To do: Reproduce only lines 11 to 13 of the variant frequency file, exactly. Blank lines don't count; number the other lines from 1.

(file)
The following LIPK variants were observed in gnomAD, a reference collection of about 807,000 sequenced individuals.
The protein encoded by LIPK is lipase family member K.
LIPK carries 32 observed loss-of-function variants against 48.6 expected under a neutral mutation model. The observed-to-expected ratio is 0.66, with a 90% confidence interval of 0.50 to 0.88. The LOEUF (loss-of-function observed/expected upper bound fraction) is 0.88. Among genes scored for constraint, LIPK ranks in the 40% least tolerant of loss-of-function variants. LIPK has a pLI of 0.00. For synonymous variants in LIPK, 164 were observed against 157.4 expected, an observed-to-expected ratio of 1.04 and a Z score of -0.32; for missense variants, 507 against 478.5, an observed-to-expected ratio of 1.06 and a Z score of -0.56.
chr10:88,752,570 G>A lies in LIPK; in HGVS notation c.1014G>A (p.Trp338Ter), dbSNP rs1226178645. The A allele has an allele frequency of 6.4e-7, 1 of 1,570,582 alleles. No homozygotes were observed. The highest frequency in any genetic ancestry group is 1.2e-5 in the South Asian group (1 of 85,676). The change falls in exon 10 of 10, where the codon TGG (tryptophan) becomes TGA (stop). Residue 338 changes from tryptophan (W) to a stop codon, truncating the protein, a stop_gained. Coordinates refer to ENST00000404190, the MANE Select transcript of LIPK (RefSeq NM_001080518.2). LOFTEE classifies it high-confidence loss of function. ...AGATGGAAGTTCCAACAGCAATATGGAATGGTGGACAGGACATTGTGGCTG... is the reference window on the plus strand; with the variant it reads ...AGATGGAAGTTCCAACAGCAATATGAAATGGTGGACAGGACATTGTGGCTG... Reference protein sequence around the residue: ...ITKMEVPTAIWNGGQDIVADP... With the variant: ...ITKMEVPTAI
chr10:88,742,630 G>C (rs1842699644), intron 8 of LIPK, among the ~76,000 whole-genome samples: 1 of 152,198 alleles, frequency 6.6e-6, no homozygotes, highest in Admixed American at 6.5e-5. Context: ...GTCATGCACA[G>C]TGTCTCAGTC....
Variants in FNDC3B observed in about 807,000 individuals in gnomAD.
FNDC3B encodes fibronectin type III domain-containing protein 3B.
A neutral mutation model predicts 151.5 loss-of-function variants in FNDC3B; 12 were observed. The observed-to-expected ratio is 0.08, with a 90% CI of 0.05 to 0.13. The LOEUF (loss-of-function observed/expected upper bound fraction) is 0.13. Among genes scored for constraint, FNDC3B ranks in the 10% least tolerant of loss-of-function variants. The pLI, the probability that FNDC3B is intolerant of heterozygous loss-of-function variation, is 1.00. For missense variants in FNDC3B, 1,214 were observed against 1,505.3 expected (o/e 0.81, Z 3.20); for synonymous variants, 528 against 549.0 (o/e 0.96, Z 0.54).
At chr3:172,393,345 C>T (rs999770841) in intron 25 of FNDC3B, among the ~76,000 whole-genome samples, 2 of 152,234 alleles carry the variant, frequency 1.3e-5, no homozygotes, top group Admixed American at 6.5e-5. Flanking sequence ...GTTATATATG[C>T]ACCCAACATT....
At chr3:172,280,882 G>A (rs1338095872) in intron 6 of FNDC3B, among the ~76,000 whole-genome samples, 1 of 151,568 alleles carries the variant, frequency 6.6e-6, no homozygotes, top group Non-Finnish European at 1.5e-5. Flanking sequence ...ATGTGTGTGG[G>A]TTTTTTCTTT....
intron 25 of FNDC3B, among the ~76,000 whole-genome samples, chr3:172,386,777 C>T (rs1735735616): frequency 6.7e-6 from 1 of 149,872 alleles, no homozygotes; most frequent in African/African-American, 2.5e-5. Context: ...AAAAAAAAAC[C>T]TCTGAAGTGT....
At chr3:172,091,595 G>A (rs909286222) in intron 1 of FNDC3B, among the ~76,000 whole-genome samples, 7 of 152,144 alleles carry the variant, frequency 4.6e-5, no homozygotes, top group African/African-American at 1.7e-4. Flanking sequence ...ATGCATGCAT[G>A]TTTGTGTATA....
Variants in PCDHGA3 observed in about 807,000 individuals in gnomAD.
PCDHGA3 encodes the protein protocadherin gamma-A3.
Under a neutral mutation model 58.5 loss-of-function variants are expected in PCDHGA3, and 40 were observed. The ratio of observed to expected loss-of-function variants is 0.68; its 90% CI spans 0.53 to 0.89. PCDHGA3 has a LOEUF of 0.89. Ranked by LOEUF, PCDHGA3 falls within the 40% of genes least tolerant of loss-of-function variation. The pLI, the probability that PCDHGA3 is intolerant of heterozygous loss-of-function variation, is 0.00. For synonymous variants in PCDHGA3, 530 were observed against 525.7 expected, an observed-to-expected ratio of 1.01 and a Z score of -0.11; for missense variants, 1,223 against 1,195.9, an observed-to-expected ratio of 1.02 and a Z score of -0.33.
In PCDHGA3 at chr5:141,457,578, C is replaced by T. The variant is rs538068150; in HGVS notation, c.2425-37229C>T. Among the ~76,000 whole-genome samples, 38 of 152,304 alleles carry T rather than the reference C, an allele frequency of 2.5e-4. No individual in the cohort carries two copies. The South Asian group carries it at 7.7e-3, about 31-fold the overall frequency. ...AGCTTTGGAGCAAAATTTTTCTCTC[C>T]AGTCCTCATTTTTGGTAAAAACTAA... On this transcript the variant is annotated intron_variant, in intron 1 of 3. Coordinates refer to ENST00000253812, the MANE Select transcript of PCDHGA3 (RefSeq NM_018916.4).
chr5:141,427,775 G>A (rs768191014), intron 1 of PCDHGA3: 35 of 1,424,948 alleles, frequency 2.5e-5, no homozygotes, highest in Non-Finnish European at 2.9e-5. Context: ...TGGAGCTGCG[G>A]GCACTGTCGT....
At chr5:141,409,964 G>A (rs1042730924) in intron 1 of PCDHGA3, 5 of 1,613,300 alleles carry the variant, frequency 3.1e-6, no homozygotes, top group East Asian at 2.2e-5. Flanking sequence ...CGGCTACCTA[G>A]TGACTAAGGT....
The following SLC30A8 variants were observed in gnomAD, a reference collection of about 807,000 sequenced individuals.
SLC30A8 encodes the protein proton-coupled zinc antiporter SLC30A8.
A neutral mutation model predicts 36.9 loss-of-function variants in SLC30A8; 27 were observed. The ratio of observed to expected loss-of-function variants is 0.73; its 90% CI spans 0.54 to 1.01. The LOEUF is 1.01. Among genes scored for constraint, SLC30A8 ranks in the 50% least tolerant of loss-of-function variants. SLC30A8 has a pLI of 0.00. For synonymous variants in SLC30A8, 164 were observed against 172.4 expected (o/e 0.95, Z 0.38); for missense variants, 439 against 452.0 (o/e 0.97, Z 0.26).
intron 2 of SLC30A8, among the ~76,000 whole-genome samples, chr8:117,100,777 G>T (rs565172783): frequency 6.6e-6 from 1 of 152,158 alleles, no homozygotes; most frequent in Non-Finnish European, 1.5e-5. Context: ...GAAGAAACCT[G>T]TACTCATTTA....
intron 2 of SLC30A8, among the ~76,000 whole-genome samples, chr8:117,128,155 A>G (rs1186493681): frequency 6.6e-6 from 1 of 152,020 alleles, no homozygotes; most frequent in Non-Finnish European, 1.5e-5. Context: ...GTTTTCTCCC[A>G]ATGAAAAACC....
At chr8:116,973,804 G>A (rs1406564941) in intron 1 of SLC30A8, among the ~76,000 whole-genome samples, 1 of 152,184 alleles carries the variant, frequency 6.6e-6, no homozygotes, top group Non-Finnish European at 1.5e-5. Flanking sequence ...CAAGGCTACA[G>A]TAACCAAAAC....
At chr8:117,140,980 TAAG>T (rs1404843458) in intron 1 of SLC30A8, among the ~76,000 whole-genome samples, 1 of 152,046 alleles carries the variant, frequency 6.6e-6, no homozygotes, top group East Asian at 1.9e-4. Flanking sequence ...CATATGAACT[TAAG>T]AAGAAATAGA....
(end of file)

intron 25 of FNDC3B, among the ~76,000 whole-genome samples, chr3:172,386,777 C>T (rs1735735616): frequency 6.7e-6 from 1 of 149,872 alleles, no homozygotes; most frequent in African/African-American, 2.5e-5. Context: ...AAAAAAAAAC[C>T]TCTGAAGTGT....
At chr3:172,091,595 G>A (rs909286222) in intron 1 of FNDC3B, among the ~76,000 whole-genome samples, 7 of 152,144 alleles carry the variant, frequency 4.6e-5, no homozygotes, top group African/African-American at 1.7e-4. Flanking sequence ...ATGCATGCAT[G>A]TTTGTGTATA....
Variants in PCDHGA3 observed in about 807,000 individuals in gnomAD.